Or maybe not.  We’ve seen them before in a short story that will be included in the next book, “Asterix and the Class Act.” For the purpose of this review and in keeping everything straight in my head, let’s just go with this being their debut.

Asterix's mother just wants him to settle down, marry a nice woman, have some kids...

Asterix’s mother probably fits a few stereotypes of the doting Jewish mother. (Maybe Goscinny did create her!) She just wants her boy to find a nice girl to settle down with, make a family, etc.  Asterix is not so much into it.  While he has shown an interest in girls — even in Panacea here — it’s not like he has a lot to choose from while being effectively locked up in his own Village. 

He also claims that he’s not ready yet for the responsibility of marriage.  (None of us are, little Gallic buddy.  That never stops us when the right woman comes along.)

That’s not going to stop his mother from trying, though.  She goes so far as to wash Asterix’s hair and invite some nice girls with their mothers over to his house for a spot of tea, er, goat’s milk.  Asterix did accidentally help invent tea back in “Asterix in Britain,” you may remember, but it hasn’t caught on yet back in France.

Meanwhile, Obelix’s mother is making him a dinner of something other than boar.  Who wouldn’t like some nice homemade soup? And wouldn’t it be better to settle down with some nice woman who could cook him “healthy, well-balanced” things?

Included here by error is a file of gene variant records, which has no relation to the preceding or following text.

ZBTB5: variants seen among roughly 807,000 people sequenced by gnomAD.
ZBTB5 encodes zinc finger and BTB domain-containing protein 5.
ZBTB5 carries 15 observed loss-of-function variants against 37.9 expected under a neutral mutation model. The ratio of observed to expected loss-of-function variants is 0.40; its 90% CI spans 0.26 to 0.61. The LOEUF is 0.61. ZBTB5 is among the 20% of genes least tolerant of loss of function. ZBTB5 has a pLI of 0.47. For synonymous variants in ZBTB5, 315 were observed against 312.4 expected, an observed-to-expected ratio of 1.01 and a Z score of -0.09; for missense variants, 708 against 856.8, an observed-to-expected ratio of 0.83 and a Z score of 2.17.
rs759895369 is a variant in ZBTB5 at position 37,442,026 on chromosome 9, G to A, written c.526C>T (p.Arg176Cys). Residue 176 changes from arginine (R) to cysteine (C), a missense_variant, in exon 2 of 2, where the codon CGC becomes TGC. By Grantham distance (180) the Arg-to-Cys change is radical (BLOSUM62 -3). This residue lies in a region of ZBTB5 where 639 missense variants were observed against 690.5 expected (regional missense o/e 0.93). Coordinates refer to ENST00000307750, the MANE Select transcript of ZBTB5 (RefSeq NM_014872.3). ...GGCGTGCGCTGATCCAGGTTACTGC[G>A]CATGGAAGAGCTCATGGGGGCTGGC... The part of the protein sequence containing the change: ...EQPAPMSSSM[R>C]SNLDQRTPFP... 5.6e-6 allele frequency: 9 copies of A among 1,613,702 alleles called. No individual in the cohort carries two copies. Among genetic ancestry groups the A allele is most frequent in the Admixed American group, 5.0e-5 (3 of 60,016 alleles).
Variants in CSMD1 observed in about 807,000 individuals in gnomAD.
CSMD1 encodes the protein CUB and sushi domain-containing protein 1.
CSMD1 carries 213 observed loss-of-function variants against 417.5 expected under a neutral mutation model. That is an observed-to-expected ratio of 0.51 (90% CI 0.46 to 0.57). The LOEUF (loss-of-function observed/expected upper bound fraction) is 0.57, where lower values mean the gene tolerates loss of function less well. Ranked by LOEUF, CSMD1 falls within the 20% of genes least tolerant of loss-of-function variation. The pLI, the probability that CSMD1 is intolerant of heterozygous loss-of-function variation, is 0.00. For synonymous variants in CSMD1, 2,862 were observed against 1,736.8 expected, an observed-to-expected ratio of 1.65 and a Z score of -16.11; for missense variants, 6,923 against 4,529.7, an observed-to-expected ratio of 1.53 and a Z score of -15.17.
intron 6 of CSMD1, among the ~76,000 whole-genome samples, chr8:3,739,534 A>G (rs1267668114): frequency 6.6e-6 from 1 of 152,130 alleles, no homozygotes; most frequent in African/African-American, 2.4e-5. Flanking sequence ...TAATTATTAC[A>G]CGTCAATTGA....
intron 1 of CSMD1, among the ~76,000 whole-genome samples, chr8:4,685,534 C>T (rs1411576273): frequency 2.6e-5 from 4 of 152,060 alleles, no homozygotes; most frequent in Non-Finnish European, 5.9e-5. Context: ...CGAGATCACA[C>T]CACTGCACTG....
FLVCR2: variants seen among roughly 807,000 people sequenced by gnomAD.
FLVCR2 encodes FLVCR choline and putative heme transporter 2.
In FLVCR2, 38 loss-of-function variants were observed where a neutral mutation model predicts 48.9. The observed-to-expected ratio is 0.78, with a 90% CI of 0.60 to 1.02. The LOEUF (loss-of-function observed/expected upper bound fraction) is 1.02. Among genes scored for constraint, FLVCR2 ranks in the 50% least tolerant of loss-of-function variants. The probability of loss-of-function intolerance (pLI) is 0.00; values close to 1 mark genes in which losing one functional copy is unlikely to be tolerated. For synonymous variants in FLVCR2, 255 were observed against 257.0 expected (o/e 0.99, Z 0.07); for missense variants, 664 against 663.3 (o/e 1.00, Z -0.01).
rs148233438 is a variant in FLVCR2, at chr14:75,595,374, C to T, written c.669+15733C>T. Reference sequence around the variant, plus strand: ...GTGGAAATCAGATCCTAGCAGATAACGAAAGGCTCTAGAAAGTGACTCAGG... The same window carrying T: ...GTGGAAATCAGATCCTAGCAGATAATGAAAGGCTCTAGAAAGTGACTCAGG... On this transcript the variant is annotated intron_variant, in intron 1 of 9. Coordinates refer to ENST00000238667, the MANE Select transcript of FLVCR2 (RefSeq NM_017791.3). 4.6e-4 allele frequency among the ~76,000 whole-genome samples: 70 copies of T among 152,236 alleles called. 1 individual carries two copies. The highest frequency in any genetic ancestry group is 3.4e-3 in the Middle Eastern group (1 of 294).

The pair can only plead to the gods — Toutatis would be convenient — that their fathers will be up soon so save them.

Asterix and Obelix greet their lookalike mothers.

Yes, as you might have guessed, their parents do bear a striking resemblance to Asterix and Obelix, from the body shape and facial features right down to the color combination choices in their clothes.  I like that.  It makes sense biologically, but then helps keep the parents visually differentiated and obviously belonging to one or the other child.  Going so far as to keep the color schemes similar might take it over the top a bit, but since we’re in the Saturday morning cartoon style era of “Asterix,” it works.

Dogmatix, as it turns out, is the one in this book to have the most success with the ladies.  Watch him carefully….

The History Lesson

Pompey rants to Prefect Bogus Genius in "Asterix and the Actress"

I fell in love with Roman history while writing this series this year.  Seeing Pompey in this book is a particular delight.

Except

It makes no sense.

Asterix explains the history of Pompey and Caesar and it's not quite right

Asterix spends a jam-packed panel carefully explaining the history of Caesar’s Triumvirate in the most general of terms.  And he gets it wrong.  Let’s recap the real history.

We’ll start with what Asterix gets right: Caesar, Pompey, and Crassus did make up a legendary Triumvirate.  It worked well, but it was never going to last forever.

After Crassus’ death, things went south in a hurry.  Caesar was out in Gaul having his little war.  Pompey was back in Rome.  Pompey set things up so he could arrest Caesar when he returned to Rome after the war.

Alea Jacta Est” and all that — Caesar crossed the Rubicon, marched straight to Rome, and destroyed Pompey.

Then Pompey did something dumb, and Egypt’s leader did something dumber.  Pompey thought he could escape to Egypt, combine forces with the Egyptian leader there, and create a stronger force to take on Caesar.  

But Ptolemy, the Egyptian leader, wanted to curry Caesar’s favor.  He killed Pompey.